To grow your business, you may want to try earning more work from your current clients. This approach can help you make more money without relying solely on marketing and recruiting. Asking for more work may seem scary, but it can be as simple as sending your client a well-crafted email

This guide offers tips on how to ask a client for more work in an email, including: 

  • Introducing the proposition 
  • Understanding your client’s desires
  • Recommending services 
  • Offering incentives  

Introducing the proposition of taking on more work 

To ask a client for more work in an email, you need to know how to introduce the topic in a way that doesn’t encourage the client to say no immediately. 

While you write, use clear, friendly, and professional language. Also, attempt to keep the email both detailed and brief, likely about three paragraphs. At this length, the client won’t feel overwhelmed by the content.  

Instead of starting the email with a request, consider easing into the topic. In the first paragraph, ask how clients are doing. Then, thank them for your past or recent business with them. Write that you enjoyed working with them and hope they were satisfied by the result. 

You may also want to ask for feedback to show you work to improve yourself with each job.  Overall, following up on clients and attempting to build long term relationships can remind them of your business and show you care. 

Understanding your client’s desires 

If you want to win more work with this email, you’ll need to understand clients’ desires. To understand clients better, consider who they are, what challenges they face, and their needs and pain points. Then, research them or their business to see what more you could offer.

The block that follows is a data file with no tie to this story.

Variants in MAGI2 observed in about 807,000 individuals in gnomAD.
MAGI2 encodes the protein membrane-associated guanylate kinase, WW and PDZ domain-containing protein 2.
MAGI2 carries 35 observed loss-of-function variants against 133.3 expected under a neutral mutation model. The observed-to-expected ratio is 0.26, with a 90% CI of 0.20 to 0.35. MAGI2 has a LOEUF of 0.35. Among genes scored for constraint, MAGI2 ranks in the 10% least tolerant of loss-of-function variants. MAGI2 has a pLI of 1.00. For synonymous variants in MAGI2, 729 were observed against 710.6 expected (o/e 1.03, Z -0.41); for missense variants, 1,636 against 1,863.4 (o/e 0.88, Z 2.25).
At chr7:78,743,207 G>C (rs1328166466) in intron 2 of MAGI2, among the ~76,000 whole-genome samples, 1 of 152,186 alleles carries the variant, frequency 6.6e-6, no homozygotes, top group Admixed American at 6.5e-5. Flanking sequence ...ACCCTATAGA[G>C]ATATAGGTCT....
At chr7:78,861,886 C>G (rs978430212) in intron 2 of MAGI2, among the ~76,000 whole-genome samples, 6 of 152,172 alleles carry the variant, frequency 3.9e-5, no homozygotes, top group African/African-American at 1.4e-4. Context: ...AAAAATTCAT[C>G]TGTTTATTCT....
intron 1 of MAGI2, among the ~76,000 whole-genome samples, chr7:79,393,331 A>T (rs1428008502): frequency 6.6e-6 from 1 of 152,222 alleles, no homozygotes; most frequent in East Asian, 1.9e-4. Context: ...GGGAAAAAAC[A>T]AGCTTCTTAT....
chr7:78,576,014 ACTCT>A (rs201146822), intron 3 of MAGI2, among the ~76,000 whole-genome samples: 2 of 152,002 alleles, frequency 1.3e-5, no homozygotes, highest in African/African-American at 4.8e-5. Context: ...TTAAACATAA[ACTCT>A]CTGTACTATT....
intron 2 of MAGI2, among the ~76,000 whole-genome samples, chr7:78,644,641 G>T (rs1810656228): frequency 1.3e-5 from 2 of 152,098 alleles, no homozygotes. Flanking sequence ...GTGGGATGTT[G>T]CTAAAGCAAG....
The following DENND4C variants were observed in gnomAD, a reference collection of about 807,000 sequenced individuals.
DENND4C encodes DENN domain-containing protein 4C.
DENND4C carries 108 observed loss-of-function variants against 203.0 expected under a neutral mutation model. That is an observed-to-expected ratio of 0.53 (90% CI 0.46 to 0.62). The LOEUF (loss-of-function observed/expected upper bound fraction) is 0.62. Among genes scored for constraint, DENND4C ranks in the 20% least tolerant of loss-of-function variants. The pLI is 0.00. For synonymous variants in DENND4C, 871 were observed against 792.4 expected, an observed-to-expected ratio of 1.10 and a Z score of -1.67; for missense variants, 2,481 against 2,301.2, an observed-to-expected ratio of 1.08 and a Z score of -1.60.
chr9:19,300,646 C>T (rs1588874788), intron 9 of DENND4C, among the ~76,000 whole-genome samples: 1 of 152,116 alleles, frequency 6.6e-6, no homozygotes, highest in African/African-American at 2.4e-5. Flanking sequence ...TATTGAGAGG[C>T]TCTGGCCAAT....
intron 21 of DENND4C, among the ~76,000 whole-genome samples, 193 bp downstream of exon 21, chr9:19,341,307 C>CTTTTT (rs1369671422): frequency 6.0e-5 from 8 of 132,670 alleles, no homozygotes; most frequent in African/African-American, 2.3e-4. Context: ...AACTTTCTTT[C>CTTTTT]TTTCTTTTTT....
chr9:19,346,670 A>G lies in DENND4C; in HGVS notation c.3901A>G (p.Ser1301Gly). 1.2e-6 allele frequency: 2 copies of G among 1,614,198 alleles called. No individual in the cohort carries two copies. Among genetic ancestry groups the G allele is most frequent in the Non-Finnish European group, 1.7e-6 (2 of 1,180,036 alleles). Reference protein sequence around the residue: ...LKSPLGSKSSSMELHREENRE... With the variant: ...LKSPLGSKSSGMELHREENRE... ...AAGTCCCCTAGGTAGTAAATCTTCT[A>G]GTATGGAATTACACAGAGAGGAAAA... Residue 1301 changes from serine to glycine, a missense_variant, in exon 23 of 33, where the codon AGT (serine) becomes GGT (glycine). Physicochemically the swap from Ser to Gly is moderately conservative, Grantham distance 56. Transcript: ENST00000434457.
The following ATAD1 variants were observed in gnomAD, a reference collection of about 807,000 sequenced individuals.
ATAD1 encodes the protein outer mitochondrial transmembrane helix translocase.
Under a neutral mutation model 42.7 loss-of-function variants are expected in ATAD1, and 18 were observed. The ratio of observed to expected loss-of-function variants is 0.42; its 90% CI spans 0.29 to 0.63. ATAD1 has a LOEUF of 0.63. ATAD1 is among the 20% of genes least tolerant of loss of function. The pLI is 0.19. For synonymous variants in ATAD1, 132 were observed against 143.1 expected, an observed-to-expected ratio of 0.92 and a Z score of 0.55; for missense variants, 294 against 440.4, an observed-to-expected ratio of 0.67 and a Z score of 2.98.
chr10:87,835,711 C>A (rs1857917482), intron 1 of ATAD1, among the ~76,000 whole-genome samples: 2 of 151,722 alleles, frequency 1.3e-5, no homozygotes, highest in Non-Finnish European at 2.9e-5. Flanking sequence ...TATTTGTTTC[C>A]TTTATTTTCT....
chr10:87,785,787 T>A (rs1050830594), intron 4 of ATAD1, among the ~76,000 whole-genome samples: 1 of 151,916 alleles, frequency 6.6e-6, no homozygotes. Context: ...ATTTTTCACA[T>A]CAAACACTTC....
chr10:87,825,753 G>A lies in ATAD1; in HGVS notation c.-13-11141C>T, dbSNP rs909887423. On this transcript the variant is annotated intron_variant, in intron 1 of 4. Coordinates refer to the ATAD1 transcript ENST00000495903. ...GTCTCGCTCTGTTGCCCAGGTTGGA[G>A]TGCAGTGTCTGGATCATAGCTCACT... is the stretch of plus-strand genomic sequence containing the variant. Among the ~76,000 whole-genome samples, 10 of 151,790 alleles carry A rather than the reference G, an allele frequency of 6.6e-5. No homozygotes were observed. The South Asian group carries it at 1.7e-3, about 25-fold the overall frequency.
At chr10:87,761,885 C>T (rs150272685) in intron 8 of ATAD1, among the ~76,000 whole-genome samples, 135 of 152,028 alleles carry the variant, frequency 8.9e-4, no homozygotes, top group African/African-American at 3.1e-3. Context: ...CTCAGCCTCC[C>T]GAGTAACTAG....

If you can predict what the client needs, it will help you convince them to give you more work rather than asking them what work they want. The email will come off as less of a plea for money and more as a helpful recommendation.

Also, think about what this client purchased from you previously. Is there something else that can complement this purchase? For example, if you’re a social media marketer, you may have updated a small business’s Facebook page. But, if you notice the client could grow an audience on Twitter, you may also want to offer a Twitter content plan.  

Recommending services for your client

In the second paragraph of the email, don’t just ask clients for more work. Instead, establish a sales pitch to suggest what kind of work they might need. If you offer specific products or services, it’s easier to say yes. You may also want to request a meeting to discuss more opportunities. By making your request as detailed as possible and ensuring each word counts, you can do the work for your clients. 

For example, say a graphic designer created a business’s logo with great feedback. That designer might suggest ordering new marketing materials designed with that logo and remind the company that they can trust the work.